Wednesday, April 20, 2011

The Velvet Papers, Pt.4

"We're in the pipe, five by five."

Reentry Is a Bitch

When I graduated from Peabody, I had gone through a very high pressure recital in order to receive my degree. That is to say, that if that live performance was a total wreck, then no degree for you, Senor Stupido. This was proceeded, of course, by months (4 years if you really count it) of practicing guitar music 8 to 10 hours a day. While this significantly ups your guitar game, eventually you must enter the world of making a living. It sucks, but it must be.
Adjusting to the real world was difficult. At one point, I had imagined I would want to stay in college forever. Methought I would teach college and after about a month of celebrating my graduation, I dutifully and hopefully sent out my resume to various colleges. The response became predictable and quickly became a needle that said "failure.": 

"Thank you for your interest in {insert college here}, but currently we have no opening in your field. We will keep your resume on file (file 13) in case there is an opening in the future. Yours most insincerely, Mary S. Inflated-sense-of-self Administrator, DMA, BA, LSD, BS."

Every letter I sent, save the one I sent to a local university, returned the same reply. No one had told me that you at least needed a doctorate to rate even an interview and it best be in something like history, early music or theory or to the soup kitchen for you, buddy. "Gee," me thought, "No one gives a damn that I graduated from a prestigious conservatory." I didn't expect a million offers, but none? Staying in Baltimore seemed stupid to me because I saw graduates scramble to teach at senior citizen centers. Really? This is why you spent all that time? It seemed pathetic. I felt helpless as well. (Author and guitarist Glenn Kurtz actually quit. His story is a great read and quite poignant.)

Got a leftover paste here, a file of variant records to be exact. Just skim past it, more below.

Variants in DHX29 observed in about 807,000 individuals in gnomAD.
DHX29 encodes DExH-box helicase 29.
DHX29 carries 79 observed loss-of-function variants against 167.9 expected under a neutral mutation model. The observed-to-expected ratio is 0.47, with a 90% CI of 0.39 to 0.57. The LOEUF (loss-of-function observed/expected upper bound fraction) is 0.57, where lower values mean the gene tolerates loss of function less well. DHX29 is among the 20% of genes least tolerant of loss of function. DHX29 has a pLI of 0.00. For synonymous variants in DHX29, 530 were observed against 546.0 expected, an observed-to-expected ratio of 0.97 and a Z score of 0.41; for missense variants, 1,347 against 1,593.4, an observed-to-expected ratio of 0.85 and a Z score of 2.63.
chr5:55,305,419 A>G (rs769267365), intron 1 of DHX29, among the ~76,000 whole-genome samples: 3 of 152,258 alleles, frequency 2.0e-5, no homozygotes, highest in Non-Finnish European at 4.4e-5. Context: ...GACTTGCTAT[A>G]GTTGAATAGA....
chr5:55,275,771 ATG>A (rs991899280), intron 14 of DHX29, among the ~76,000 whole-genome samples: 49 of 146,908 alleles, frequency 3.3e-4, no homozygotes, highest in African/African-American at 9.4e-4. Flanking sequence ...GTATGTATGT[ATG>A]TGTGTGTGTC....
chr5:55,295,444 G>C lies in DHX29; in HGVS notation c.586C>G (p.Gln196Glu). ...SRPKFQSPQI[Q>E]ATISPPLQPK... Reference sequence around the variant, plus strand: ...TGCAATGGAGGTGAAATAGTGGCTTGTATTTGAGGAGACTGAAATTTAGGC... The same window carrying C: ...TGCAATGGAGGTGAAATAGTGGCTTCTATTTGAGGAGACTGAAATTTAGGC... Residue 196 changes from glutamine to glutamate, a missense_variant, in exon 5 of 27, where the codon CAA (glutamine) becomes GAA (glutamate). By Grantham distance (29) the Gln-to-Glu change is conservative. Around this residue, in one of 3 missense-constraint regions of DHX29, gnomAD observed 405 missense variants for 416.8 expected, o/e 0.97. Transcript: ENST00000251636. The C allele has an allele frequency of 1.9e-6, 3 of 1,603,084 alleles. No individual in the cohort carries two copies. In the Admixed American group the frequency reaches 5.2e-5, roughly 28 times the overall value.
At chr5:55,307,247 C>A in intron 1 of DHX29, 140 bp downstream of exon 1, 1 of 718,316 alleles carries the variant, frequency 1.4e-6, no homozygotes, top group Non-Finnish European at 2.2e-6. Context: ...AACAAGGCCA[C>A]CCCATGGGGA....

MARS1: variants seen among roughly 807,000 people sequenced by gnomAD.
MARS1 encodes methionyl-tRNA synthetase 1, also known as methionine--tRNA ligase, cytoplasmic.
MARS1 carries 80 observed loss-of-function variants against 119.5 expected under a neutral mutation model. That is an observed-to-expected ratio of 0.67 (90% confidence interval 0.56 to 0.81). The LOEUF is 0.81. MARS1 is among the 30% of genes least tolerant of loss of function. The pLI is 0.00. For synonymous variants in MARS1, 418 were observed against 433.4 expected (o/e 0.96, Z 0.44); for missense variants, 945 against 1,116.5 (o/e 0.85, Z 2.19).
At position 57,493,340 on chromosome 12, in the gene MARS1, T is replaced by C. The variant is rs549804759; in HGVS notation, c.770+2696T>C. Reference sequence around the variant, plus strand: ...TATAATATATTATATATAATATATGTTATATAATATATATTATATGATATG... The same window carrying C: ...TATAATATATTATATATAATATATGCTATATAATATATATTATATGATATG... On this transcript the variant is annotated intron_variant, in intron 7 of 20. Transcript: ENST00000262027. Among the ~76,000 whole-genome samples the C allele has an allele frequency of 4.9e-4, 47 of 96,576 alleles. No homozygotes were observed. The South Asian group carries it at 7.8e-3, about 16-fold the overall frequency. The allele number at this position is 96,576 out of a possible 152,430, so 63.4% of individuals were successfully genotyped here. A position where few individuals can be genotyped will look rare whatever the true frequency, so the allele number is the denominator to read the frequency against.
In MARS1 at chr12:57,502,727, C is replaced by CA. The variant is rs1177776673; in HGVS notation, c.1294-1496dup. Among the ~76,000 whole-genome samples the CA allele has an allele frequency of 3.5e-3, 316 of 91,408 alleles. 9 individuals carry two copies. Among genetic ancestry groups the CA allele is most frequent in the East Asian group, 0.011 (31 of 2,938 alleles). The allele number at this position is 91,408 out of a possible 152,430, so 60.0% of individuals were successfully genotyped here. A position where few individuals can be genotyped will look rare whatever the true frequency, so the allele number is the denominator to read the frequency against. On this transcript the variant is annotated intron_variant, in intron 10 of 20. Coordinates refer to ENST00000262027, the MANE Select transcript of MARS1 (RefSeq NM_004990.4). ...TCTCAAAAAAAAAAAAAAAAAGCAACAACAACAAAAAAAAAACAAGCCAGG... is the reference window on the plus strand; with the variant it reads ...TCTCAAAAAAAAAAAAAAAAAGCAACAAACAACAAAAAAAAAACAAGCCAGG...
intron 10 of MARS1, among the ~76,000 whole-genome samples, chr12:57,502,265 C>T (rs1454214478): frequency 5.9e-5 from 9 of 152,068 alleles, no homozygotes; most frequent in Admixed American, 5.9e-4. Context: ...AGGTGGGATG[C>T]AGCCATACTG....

For the Blue Hairs

I played a few recitals at home, much to the delight of my parents, the local choir director, and classical music aficionados. I  teamed up with a professional singer and explored the repertoire of guitar and voice. We took our show to Pittsburgh and auditioned for a concert series. We were turned down, although the singer said they were impressed, but didn't know what to do guitar and voice as we all know violin (or cello) and piano rule the chamber music universe. Local recitals and even a master class with David Tannenbaum were part of our time together. I was still affected by my accomplishments and though no one would ever accuse me of being a purist, this time was the closest I would ever come to that description.